Fred fulfills two out of four tests, so he is tax resident of Australia.
To determine the existence of the ordinary incomes in the following cases.
1. Californian Copper Syndicate ltd v Harris (1904):
The Taxation Ruling 92/3, is applicable in this case where a group of people constituted a company for the purpose of buying a mining property.The clear intention behind their decision of buying the minefield was making profit. However, no business was carried out from the mine and the purchase was a onetime event. Now, a personal exertion is required for the incomes to be able to become ordinary incomes. The ordinary income comprises of income from employment, income from business activity or income earned from renting a property or dividends(Prebble, n.d.). It also consists of certain transactions that were conducted just to make profit.The present case does not seem to be qualifying of having personal exertion in it as no operations were being conducting in the mine and hence no business activity took placethere. However, the observations made by the court were that even if a onetime transaction was made, but that transaction was made for the purpose of profit. Therefore, it had to fall under the category of ordinary incomes. Also, the proceedings from such sale of mining were to be assessed as per ordinary income.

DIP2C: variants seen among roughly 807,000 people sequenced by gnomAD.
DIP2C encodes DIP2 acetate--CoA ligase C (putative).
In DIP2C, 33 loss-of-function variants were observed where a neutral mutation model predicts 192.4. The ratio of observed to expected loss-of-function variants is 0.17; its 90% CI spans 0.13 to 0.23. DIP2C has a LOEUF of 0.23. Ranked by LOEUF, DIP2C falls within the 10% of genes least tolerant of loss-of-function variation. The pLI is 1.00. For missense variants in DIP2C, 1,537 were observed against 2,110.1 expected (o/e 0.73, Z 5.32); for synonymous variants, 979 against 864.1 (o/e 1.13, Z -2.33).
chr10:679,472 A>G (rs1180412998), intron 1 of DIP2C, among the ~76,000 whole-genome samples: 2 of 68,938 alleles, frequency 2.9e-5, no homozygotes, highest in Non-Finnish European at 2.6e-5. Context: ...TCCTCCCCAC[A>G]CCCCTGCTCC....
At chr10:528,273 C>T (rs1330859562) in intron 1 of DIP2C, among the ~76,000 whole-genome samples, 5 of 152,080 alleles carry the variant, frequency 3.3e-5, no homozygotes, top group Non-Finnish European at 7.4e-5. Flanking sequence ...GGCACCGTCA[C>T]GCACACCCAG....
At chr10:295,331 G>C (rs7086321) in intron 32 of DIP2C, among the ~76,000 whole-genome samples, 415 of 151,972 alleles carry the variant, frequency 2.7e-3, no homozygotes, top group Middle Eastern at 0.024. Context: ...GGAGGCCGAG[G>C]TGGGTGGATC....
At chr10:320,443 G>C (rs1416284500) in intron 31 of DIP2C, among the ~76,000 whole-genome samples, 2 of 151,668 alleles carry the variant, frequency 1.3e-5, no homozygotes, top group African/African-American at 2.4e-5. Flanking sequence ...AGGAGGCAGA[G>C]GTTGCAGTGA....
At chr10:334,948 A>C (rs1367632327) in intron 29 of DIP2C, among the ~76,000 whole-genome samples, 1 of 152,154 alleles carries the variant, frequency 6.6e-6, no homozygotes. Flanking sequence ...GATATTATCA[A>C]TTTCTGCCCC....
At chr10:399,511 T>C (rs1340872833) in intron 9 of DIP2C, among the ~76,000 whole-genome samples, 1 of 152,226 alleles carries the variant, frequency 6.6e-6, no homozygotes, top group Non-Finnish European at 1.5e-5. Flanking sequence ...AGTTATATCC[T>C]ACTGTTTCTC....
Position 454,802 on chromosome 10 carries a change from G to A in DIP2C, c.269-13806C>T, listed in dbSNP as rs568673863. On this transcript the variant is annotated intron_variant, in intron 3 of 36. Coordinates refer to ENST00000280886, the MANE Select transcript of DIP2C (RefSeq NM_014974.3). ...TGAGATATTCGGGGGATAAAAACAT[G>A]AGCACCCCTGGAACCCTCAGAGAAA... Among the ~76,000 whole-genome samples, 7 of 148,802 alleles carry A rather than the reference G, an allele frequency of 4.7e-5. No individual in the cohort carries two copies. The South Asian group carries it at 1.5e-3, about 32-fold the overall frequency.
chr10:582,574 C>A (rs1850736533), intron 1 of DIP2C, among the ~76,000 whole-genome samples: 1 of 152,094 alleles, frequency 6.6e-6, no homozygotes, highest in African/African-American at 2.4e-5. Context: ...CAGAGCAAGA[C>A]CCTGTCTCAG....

2. Scottish Australian Mining co ltd v FC of T
As per the facts, a company made a decision of selling a property on which mining operations were carried out. The memorandum of the company clearly mentioned that mining will remain the main object of the company and it is deciding to buy the properties that are rich in mineral production. As the company is also involved in investment of the capital, so what it does it purchases the property and use it completely till the time of exhaustion completes. The company fared soundly in terms of output and the activity was done in a manner, which is suggestive of business. It was observed that the initial intentions of the company were not to make any profit by selling the land but only performing mining operations.
In this case, no isolated transactions were made and therefore the sale will transpire to be a sale of capital asset(Pearson, 2009).Therefore, it was concluded by the court that the sale of land will not be going raise any tax implications and the income earned in this manner shall not be assessed as per the rule of ordinary income. Incomes of this kind shall be taxable under head capital gains.
3. FC of T v. Whit fords Beach Pty Ltd (1982)
The facts say that a company was formed in order to acquire a land. After some time, when the shareholders of the company were changed, the land development took place and then sold. Later on the company applied for rezoning in order to make the sub-divisions and finally selling it in the market. The land was developed as per the requirements and the stakeholders involved in it were expected to make profits.